As reported on Saturday, Michael Dell's attempt to take Dell private has been challenged by a pair of rival bids. In a press release this morning, Dell's board confirmed that it has received "two alternative acquisition proposals" from investment group Blackstone and "activist investor" Carl Icahn. The computer giant also published details of the bids, revealing that both offer a higher per-share price than Michael Dell's $13.65 proposal, which valued the company at $24.4 billion.
Icahn's offer includes purchasing $2 billion of the firm's shares at $15-per-share and offering $2 billion of cash equity financing. This would be in addition to the shares he and his firm currently own. The Blackstone group offer is to acquire Dell at $14.25-per-share, but includes the option for existing shareholders to remain on board.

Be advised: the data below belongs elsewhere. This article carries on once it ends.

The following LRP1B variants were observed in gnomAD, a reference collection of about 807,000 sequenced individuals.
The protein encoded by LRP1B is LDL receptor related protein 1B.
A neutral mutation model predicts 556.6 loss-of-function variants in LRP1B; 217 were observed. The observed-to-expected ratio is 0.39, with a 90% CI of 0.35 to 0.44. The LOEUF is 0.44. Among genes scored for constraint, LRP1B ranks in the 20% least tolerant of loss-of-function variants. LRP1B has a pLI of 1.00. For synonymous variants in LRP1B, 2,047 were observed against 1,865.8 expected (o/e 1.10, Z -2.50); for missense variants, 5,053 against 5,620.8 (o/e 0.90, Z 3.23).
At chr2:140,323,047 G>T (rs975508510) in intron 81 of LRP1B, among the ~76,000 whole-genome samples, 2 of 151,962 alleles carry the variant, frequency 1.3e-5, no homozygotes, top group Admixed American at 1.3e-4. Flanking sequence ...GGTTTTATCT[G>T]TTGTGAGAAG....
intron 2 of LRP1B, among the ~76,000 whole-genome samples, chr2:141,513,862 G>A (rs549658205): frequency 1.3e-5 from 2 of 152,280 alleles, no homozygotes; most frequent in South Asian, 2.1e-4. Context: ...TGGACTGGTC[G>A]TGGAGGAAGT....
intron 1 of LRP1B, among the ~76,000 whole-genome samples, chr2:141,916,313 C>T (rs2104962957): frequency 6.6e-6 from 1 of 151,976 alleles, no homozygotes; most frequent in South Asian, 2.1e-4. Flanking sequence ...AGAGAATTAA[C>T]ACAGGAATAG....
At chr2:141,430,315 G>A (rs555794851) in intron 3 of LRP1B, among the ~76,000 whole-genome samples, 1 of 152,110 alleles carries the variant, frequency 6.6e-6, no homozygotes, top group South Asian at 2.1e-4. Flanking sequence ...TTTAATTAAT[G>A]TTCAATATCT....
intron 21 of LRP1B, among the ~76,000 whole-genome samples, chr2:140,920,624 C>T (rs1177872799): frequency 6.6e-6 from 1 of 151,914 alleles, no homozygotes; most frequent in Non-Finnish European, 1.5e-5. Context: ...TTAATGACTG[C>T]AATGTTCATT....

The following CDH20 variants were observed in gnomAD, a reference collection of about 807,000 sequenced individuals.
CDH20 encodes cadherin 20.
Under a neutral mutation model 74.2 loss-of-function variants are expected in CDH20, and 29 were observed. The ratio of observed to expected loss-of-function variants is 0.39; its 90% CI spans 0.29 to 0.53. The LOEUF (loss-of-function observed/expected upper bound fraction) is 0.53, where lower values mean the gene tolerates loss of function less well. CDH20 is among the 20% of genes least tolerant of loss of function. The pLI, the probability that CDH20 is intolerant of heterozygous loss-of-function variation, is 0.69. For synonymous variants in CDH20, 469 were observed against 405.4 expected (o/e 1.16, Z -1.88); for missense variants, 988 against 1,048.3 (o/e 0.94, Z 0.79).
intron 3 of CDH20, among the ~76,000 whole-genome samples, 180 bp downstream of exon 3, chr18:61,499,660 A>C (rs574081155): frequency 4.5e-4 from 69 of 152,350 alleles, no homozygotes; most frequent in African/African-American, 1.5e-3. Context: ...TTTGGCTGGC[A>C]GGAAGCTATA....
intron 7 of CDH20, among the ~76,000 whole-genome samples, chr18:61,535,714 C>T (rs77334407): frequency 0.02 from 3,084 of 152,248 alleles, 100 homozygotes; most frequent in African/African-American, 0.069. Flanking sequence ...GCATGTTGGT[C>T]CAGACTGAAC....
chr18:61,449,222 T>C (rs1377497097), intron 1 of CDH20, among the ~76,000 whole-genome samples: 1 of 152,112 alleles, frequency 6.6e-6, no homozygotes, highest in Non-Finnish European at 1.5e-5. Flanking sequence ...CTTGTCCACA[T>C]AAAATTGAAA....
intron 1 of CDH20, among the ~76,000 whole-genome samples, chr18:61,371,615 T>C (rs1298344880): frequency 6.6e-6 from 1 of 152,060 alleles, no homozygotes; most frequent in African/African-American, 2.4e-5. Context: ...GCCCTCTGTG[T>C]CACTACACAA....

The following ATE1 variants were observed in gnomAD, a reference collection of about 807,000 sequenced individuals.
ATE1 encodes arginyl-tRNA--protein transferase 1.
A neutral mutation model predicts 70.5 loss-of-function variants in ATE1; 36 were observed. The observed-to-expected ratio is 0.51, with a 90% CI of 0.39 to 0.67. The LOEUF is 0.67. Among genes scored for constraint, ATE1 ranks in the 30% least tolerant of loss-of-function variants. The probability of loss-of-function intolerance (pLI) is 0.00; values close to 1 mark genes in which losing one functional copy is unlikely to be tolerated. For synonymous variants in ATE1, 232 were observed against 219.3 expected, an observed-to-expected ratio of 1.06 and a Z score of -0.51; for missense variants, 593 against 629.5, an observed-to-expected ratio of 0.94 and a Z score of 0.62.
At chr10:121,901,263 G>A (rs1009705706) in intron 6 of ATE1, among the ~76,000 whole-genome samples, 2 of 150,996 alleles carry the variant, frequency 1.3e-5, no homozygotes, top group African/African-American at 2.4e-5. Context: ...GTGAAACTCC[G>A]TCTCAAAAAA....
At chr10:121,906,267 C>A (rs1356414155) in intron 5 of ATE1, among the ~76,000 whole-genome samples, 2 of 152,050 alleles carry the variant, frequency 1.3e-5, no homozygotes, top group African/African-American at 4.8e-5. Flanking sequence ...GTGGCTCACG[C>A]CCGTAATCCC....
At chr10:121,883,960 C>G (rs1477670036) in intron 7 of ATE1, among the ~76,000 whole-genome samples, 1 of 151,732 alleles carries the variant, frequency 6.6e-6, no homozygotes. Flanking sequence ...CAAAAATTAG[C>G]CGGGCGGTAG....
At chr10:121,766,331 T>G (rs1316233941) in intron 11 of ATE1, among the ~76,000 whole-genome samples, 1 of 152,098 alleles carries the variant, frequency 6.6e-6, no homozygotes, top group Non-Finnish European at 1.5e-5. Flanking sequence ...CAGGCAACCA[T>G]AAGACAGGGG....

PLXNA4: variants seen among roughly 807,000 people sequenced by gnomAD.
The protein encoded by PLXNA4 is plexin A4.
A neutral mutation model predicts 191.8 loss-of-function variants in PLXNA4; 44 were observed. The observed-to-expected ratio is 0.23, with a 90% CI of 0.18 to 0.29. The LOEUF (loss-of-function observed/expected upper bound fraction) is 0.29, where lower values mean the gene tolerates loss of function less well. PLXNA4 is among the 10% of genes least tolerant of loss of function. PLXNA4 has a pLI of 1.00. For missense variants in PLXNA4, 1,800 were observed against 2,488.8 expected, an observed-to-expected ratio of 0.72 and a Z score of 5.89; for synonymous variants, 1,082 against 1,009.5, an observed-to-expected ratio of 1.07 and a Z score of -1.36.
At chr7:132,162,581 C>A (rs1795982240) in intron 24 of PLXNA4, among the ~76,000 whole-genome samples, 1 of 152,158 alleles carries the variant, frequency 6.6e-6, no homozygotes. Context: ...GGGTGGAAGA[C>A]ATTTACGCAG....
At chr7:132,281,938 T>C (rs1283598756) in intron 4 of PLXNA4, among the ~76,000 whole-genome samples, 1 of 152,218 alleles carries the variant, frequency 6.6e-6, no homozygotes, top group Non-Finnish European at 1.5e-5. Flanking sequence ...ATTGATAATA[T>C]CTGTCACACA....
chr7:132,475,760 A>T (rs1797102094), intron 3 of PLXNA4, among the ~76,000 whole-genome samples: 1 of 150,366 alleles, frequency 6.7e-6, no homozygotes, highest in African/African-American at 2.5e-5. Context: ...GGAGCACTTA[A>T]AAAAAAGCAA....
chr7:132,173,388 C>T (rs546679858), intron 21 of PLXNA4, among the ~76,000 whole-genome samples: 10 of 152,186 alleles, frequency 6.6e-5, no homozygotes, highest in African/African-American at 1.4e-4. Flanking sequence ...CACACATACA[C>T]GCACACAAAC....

Dell's board says that although either proposal could be a superior to Michael Dell's, it "has not determined that either the Blackstone proposal or the Icahn proposal in fact constitutes a superior proposal under the existing merger agreement." Alex Mandl, Chairman of the Special Committee in charge of reviewing the offers gave a statement acknowledging the offers:
"We are gratified by the success of our go-shop process that has yielded two alternative proposals with the potential to create additional value for Dell shareholders. We intend to work diligently with all three potential acquirers to ensure the best possible outcome for Dell shareholders, whichever transaction that may be."
Should either of the rival offers be accepted, Michael Dell is at risk of losing control of the company he founded. Although Dell is a currently a public company, Michael Dell has nearly always held the CEO spot, apart from a brief period between 2004-2007 when he stepped down but remained Chairman.